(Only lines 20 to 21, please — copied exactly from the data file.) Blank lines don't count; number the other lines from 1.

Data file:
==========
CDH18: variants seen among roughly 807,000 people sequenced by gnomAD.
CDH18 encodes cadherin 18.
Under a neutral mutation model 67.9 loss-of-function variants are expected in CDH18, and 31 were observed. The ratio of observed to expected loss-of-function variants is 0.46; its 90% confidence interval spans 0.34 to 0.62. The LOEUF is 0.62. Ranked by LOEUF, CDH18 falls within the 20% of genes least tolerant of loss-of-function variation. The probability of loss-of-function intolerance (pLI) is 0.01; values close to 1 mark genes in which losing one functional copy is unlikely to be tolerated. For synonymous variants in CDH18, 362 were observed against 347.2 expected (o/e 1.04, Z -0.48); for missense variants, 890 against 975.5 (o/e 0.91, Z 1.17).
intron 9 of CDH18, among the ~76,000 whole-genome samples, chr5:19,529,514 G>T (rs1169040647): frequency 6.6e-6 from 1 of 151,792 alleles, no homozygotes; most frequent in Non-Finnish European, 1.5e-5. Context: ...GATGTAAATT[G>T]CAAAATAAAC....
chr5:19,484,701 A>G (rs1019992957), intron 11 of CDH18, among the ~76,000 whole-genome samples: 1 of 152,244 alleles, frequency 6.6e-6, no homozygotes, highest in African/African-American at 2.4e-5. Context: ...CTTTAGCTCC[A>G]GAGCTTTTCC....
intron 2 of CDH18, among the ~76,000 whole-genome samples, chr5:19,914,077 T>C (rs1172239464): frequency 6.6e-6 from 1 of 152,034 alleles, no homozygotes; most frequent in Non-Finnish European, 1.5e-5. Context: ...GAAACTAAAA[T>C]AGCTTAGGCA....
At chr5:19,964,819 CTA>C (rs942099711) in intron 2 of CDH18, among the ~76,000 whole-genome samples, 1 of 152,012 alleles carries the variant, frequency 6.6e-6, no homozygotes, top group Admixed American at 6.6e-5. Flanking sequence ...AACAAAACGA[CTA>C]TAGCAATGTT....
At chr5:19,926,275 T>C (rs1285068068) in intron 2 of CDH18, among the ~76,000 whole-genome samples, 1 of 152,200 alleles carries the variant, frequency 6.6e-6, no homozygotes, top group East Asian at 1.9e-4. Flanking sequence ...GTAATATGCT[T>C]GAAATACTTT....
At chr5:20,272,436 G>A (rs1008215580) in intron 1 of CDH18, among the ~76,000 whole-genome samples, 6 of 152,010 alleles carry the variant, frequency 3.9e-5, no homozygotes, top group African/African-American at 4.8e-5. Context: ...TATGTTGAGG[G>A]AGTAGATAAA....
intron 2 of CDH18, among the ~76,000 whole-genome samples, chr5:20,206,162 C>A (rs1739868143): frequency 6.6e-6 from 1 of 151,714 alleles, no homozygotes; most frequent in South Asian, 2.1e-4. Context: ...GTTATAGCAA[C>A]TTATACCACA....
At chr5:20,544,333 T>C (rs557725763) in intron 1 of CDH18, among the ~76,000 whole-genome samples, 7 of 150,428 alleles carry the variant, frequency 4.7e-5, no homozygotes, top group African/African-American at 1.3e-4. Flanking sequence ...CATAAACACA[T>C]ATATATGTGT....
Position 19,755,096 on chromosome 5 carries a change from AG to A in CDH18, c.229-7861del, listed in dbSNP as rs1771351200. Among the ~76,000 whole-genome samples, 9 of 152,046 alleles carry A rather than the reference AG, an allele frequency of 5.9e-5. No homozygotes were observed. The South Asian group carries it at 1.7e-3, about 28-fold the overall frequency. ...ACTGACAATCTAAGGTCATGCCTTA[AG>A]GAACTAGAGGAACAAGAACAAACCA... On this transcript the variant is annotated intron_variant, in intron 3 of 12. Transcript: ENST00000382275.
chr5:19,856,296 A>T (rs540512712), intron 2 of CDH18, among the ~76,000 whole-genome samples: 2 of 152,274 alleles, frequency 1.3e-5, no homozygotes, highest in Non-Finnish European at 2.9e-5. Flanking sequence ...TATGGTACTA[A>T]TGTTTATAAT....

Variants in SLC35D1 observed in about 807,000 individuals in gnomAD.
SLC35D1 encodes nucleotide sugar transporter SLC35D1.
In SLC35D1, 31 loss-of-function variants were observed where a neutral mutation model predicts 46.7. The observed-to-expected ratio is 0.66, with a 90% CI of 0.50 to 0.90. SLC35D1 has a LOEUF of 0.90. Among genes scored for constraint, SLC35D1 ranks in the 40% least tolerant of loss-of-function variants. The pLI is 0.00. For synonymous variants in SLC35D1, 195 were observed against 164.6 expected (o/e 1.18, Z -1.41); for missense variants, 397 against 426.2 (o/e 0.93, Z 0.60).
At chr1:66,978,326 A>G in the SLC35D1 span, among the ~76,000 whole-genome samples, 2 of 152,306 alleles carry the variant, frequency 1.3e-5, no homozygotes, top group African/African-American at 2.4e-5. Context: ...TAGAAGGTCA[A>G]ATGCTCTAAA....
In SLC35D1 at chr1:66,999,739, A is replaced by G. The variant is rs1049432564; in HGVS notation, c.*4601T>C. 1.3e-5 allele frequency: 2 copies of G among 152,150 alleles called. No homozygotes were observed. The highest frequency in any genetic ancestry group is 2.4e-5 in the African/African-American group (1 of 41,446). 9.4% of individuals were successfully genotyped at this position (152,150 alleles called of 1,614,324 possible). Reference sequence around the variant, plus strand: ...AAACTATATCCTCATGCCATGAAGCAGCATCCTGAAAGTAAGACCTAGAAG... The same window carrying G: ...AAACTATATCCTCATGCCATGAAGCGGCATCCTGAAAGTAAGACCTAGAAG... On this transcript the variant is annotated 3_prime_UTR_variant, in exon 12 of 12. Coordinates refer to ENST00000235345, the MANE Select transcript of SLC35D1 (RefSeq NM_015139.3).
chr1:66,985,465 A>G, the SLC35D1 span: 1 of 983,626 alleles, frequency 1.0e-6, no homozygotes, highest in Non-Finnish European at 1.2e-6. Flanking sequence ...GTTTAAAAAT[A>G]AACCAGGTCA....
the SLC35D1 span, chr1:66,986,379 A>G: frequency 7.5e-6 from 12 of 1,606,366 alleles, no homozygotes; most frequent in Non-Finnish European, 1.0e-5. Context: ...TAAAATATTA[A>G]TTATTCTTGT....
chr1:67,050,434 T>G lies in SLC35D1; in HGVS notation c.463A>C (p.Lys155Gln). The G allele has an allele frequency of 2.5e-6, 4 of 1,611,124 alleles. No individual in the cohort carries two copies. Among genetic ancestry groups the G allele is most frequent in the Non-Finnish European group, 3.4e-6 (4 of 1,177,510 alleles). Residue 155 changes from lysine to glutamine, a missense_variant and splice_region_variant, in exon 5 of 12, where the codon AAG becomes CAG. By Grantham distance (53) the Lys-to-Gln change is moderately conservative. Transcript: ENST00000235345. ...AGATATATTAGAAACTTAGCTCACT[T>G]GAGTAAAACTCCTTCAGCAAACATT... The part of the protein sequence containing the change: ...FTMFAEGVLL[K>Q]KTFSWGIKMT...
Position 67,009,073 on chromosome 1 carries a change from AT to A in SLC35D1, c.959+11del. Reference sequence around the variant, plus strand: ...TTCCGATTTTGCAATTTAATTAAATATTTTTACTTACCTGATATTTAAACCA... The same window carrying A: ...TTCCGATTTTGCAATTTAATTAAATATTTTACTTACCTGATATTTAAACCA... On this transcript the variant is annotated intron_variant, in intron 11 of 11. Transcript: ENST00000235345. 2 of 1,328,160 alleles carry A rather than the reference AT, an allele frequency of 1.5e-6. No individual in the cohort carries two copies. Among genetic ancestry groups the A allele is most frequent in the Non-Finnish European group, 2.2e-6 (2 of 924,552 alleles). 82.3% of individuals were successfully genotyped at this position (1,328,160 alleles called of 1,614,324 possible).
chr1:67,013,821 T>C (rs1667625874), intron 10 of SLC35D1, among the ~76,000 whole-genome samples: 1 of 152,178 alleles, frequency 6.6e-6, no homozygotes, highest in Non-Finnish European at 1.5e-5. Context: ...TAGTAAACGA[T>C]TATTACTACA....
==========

the SLC35D1 span, chr1:66,986,379 A>G: frequency 7.5e-6 from 12 of 1,606,366 alleles, no homozygotes; most frequent in Non-Finnish European, 1.0e-5. Context: ...TAAAATATTA[A>G]TTATTCTTGT....
chr1:67,050,434 T>G lies in SLC35D1; in HGVS notation c.463A>C (p.Lys155Gln). The G allele has an allele frequency of 2.5e-6, 4 of 1,611,124 alleles. No individual in the cohort carries two copies. Among genetic ancestry groups the G allele is most frequent in the Non-Finnish European group, 3.4e-6 (4 of 1,177,510 alleles). Residue 155 changes from lysine to glutamine, a missense_variant and splice_region_variant, in exon 5 of 12, where the codon AAG becomes CAG. By Grantham distance (53) the Lys-to-Gln change is moderately conservative. Transcript: ENST00000235345. ...AGATATATTAGAAACTTAGCTCACT[T>G]GAGTAAAACTCCTTCAGCAAACATT... The part of the protein sequence containing the change: ...FTMFAEGVLL[K>Q]KTFSWGIKMT...